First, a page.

If comparison is the thief of joy, then the key to happiness might be found by staying in your own lane. After all, reminding yourself to stay in your own lane is a great way to stay focused on the tasks at hand. But, taken too far, staying in your lane can lead to stagnation. Sometimes, getting out of your lane — even entirely off the course — can lead to adventure, education and innovation.
This spring, I’ve been undertaking a mix of staying in my lane — attending both HD Expo and the National Restaurant Show and hosting rd+d’s annual Tour the Design Trends, as I always do — and mixing things up by going to new events and seeing new faces.
At HD Expo, I got to check out the latest products, some of which you can find here; reconnect with familiar faces; and meet restaurant designers that were not previously on my radar. You will get to meet these designers, too, in future issues of rd+d. At the National Restaurant Show, our team hosted two days of talks covering a variety of topics in the Kitchen Innovations Showroom. We’ll share some Q&As from the daylong event on rddmag.com in the coming weeks.
In addition to the usual stops, I attended the Nightclub and Bar Show for the first time and uncovered some of the latest trends in bars and adult beverages — including meeting some axe bar builders, bar designers and innumerable specialists in that arena.
I also attended InfoComm, put on by the Audiovisual and Integrated Experience Association (AVIXA), as part of an overall quest to better educate our team on A/V and digital signage and how both can be put to use in restaurants. While this trip was pretty well out of my usual lane as technology hasn’t been a traditional area of coverage for rd+d, some of our readers and at least two attendees of Tour the Design Trends were also there, which was a nice affirmation that we’re all moving in the same direction.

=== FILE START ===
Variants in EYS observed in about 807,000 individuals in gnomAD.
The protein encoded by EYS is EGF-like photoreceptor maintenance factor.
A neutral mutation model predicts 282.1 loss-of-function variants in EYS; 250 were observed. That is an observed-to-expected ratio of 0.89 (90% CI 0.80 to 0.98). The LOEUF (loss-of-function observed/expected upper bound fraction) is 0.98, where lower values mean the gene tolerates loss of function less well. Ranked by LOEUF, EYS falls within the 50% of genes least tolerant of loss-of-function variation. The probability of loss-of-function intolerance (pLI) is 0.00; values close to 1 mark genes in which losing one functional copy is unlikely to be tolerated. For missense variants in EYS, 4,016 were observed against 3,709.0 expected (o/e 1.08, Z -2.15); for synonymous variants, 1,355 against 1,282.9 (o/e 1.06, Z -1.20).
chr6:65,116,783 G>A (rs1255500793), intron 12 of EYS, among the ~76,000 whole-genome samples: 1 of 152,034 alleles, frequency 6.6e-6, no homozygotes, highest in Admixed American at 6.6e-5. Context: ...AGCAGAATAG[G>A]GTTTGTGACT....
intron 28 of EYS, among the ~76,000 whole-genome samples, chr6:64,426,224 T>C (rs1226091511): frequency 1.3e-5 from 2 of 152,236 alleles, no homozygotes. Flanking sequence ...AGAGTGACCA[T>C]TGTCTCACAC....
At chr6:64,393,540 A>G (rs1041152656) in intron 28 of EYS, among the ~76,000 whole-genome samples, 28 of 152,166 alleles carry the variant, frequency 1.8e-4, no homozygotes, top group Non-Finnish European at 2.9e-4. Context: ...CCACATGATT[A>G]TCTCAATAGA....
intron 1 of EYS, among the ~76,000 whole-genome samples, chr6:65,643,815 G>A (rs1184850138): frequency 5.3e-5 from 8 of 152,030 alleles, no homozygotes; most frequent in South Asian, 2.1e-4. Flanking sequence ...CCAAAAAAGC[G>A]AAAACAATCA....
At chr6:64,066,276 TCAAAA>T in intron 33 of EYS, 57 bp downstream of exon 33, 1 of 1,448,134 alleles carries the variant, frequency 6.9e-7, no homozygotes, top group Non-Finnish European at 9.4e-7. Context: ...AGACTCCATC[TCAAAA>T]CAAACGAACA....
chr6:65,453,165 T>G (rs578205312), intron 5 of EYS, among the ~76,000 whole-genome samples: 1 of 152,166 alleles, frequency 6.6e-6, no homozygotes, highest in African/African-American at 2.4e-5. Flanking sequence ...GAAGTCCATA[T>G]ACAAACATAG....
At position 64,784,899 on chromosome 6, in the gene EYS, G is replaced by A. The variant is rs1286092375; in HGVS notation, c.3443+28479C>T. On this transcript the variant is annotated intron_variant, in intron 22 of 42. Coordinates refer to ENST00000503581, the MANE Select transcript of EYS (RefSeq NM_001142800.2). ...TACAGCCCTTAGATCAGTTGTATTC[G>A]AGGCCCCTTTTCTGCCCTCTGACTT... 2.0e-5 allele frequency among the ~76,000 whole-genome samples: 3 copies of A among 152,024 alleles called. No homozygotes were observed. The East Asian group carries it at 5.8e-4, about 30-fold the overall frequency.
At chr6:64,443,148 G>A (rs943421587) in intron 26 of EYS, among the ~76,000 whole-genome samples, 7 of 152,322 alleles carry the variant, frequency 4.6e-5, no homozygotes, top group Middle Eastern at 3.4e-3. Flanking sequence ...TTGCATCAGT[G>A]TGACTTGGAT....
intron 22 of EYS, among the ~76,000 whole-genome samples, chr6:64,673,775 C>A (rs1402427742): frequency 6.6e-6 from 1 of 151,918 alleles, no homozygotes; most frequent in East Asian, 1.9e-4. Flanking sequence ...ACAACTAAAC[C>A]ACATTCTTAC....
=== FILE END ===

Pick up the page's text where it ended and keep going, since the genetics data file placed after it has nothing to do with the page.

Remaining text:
At InfoComm, I got to demo a facial recognition kiosk, one not geared toward just customer retention but also toward aiding customers with visual or hearing impairments. I also got a demo for digital signage that recognizes general characters and can target limited-time offers based on demographics (and converts that to real-time analytics).
There were seminars about how to trigger biological responses with digital signage, the rise of megadevelopments, and lots of technical aspects that were completely over my head — which was great because I got to ask a lot of questions, feel a little overwhelmed — and not nearly as smart as I like to think I am.
And that was the best part. Because the path to innovation includes discomfort. And sometimes the best way forward is to swerve out of your lane.
If you’ve got any suggestions for where our team should go, who we should talk to or how we can better be of service to you, please let us know.